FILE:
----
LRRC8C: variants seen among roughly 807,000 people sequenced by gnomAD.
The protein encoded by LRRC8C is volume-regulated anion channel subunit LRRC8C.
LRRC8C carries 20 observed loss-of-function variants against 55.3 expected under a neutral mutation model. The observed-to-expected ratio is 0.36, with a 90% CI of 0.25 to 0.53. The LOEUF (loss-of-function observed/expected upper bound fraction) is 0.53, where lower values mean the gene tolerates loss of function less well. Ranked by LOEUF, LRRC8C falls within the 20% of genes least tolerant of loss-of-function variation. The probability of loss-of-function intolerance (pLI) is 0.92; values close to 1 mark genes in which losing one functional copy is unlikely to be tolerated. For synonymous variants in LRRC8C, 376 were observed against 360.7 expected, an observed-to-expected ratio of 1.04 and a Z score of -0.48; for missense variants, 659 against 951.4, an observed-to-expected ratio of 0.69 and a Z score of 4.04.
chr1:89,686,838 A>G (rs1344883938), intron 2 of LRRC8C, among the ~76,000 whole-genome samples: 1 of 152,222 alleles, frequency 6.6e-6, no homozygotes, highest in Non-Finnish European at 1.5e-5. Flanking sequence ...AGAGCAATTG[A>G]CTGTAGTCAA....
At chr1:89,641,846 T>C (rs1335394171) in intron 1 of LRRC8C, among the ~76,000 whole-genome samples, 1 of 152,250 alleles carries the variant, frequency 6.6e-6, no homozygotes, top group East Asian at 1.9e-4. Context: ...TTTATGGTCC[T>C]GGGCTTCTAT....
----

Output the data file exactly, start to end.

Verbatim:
LRRC8C: variants seen among roughly 807,000 people sequenced by gnomAD.
The protein encoded by LRRC8C is volume-regulated anion channel subunit LRRC8C.
LRRC8C carries 20 observed loss-of-function variants against 55.3 expected under a neutral mutation model. The observed-to-expected ratio is 0.36, with a 90% CI of 0.25 to 0.53. The LOEUF (loss-of-function observed/expected upper bound fraction) is 0.53, where lower values mean the gene tolerates loss of function less well. Ranked by LOEUF, LRRC8C falls within the 20% of genes least tolerant of loss-of-function variation. The probability of loss-of-function intolerance (pLI) is 0.92; values close to 1 mark genes in which losing one functional copy is unlikely to be tolerated. For synonymous variants in LRRC8C, 376 were observed against 360.7 expected, an observed-to-expected ratio of 1.04 and a Z score of -0.48; for missense variants, 659 against 951.4, an observed-to-expected ratio of 0.69 and a Z score of 4.04.
chr1:89,686,838 A>G (rs1344883938), intron 2 of LRRC8C, among the ~76,000 whole-genome samples: 1 of 152,222 alleles, frequency 6.6e-6, no homozygotes, highest in Non-Finnish European at 1.5e-5. Flanking sequence ...AGAGCAATTG[A>G]CTGTAGTCAA....
At chr1:89,641,846 T>C (rs1335394171) in intron 1 of LRRC8C, among the ~76,000 whole-genome samples, 1 of 152,250 alleles carries the variant, frequency 6.6e-6, no homozygotes, top group East Asian at 1.9e-4. Context: ...TTTATGGTCC[T>C]GGGCTTCTAT....